Hybrid or road bike .

Jon tur

Member
I'm now totaly confused which type I should go for . I'm a pleasure rider riding to keep fit . At the moment I have a mountain bike . 20 Years old . I want to have a rear pannier for one bag maybe 2 . I didn't want drop bars Incase I spend a fortune on a bike and can't get used to them . And I heard riding position is bent over . At 46 I don't wanna get a bad back . But is a hybrid good for speed like a road bike ? Which is safer for me ? Best brakes etc . I'm no speed demon and never gonna go 60 miles a trip . Most I've done in one trip is 30 miles so far .
So I want a bike for max 30 miles in comfort ,with a pannier fitted ,good brakes and gears ,light and one I can get speed on safely . So hybrid or road ?
 

ANT 666

Trying to re member
Location
N.Wales
If you are only doing about 30 miles a hybrid is probably good just make sure it has road tyres not any sort of knobblies as these are the buggers that slow you down.
 

vickster

Legendary Member
If you aren't keen on drop bars, go flat bar. Although if never used, go get a decent test ride of a road bike, checking it has the lugs for a rack, or can take one with p clips, plus clearance for mudguards

There are plenty of fast hybrids out there, disc brakes are good if going to be riding in all weathers and in heavy traffic where stopping quickly is needed.

A well set up bike that is the right size shouldn't give you back ache...that said a badly set up bike that is the wrong size can do so regardless of what type it is, hybrid or road

What's your budget?

Someone linked this on another thread, looks very good for the money (assuming you have £600)

http://www.planetx.co.uk/i/q/CBPXLDNRDTIAFB/planet-x-london-road-argento-tiagra-flat-bar-bike

Or something like this but no discs, carbon fork is great on rough roads

http://www.tredz.co.uk/.Giant-Escape-1-2015-Hybrid-Sports-Bike_73825.htm

Personally, I like Whyte bikes :smile: I have a 2012 Cambridge

Ergo grips are IMO more comfortable than round ones and a cheap change
 

MikeW-71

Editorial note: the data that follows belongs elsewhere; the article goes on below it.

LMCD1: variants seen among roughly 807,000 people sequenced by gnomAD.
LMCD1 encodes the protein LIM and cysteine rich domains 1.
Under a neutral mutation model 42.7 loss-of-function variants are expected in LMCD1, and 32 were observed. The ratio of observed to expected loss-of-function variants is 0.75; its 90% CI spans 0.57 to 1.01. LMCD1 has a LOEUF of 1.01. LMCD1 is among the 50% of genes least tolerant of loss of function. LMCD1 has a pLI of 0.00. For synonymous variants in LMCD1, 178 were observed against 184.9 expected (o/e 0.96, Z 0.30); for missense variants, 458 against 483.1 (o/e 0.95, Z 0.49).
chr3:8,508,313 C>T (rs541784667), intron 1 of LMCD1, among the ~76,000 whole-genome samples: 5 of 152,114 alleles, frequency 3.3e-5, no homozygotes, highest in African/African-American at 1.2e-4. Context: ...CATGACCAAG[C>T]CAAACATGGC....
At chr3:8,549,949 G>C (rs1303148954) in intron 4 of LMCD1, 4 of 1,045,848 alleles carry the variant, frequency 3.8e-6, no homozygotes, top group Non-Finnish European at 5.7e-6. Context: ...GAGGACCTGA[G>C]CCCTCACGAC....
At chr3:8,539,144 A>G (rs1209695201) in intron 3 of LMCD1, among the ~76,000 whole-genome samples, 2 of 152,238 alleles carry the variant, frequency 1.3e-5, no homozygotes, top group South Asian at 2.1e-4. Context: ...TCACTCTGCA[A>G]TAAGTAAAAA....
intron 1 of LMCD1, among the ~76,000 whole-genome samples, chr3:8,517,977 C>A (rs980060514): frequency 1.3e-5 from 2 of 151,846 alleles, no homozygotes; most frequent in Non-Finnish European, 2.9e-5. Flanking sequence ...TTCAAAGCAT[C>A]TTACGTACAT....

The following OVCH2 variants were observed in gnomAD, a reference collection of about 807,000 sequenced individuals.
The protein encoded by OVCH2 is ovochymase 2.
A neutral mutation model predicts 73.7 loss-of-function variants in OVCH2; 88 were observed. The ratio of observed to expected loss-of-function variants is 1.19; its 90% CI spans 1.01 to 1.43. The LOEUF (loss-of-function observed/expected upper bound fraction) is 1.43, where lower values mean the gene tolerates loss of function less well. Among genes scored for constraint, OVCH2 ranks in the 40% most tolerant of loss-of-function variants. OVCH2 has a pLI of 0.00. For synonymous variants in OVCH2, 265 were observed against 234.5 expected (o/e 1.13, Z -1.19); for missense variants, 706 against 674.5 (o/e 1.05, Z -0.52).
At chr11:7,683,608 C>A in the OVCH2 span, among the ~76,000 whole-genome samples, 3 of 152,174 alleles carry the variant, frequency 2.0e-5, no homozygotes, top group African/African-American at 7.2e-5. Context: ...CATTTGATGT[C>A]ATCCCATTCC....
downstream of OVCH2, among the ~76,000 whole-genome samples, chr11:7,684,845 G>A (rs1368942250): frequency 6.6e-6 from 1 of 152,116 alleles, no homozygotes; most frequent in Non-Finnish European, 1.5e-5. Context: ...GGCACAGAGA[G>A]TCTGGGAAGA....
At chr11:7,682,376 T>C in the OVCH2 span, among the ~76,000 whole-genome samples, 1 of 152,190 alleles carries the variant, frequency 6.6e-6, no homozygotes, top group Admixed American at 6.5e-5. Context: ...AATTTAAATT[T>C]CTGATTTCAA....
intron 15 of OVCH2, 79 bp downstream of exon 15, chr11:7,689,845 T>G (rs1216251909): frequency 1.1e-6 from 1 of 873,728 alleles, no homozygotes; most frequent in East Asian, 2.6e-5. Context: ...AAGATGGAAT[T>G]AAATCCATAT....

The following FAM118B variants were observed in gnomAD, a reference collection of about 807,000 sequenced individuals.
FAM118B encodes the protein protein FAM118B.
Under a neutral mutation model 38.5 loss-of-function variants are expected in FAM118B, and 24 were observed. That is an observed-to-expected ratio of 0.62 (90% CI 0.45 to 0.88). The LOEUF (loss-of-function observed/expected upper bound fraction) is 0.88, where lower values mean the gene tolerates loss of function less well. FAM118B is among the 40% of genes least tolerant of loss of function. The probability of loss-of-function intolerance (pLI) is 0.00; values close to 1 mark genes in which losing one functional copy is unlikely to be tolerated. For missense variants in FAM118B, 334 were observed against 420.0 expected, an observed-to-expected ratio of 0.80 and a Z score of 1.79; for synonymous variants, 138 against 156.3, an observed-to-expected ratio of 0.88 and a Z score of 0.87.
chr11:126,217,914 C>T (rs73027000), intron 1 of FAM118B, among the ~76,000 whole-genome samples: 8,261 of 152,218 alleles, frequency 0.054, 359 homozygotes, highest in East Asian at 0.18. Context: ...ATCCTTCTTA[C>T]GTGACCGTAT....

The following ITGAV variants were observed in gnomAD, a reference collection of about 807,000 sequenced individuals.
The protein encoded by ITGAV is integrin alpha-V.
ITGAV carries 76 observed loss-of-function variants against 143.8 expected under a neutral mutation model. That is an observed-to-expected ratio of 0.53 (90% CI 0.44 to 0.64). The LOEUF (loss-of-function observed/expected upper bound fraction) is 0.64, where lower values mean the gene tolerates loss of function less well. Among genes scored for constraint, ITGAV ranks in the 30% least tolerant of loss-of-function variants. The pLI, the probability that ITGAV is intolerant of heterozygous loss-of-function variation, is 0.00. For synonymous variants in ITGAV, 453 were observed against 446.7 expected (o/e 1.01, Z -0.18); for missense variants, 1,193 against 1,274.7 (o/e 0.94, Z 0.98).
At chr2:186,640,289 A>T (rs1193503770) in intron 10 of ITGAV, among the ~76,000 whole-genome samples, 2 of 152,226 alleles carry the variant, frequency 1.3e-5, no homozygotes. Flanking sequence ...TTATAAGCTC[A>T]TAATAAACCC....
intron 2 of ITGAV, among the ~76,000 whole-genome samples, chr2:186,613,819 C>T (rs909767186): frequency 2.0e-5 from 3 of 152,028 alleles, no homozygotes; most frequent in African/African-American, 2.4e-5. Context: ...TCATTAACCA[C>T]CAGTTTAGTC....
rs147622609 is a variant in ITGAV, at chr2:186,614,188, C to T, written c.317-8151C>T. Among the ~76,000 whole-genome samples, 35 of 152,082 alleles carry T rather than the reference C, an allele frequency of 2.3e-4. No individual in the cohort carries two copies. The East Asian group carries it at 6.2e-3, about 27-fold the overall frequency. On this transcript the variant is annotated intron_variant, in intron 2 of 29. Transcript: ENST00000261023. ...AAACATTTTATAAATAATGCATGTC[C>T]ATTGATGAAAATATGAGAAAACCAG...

Veteran
Location
Carlisle
An alternative to that but with drop bars is the Giant Revolt. Disc brakes, can take a rack and fatter tyres, though it costs a little more
 

vickster

Legendary Member
Here's a few links to some Whytes, discs (in the absence of budget), pannier mounts, mudguard capable (Whyte sell their own). You might find last year's models cheaper (or go speak to your local friendly Whyte dealer)

http://www.edinburghbicycle.com/products/whyte-sussex-15
http://www.edinburghbicycle.com/products/whyte-whitechapel-15
http://www.edinburghbicycle.com/products/whyte-shoreditch-15

http://www.discountcyclesdirect.co....='Whyte Portobello 2013 Hybrid/Commuter Bike'

http://www.discountcyclesdirect.co.uk/catalog/product.php?CI_ID=12322 I've one of these but you'd need to be quite tall for this bargain one

Could you really ride a bike called the Revolt :ph34r:
 

Cyclist33

Guest
Location
Warrington
Here's a few links to some Whytes, discs (in the absence of budget), pannier mounts, mudguard capable (Whyte sell their own). You might find last year's models cheaper (or go speak to your local friendly Whyte dealer)

http://www.edinburghbicycle.com/products/whyte-sussex-15
http://www.edinburghbicycle.com/products/whyte-whitechapel-15
http://www.edinburghbicycle.com/products/whyte-shoreditch-15

http://www.discountcyclesdirect.co.uk/catalog/product.php?CI_ID=14059&Item='Whyte Portobello 2013 Hybrid/Commuter Bike'

http://www.discountcyclesdirect.co.uk/catalog/product.php?CI_ID=12322 I've one of these but you'd need to be quite tall for this bargain one

Could you really ride a bike called the Revolt :ph34r:
No less weird a name than the Whyte Whitechapel, to be frank.
 

vickster

Legendary Member
Whyte name all their road and hybrid bikes after counties or places in London/UK., seems sensible for a UK company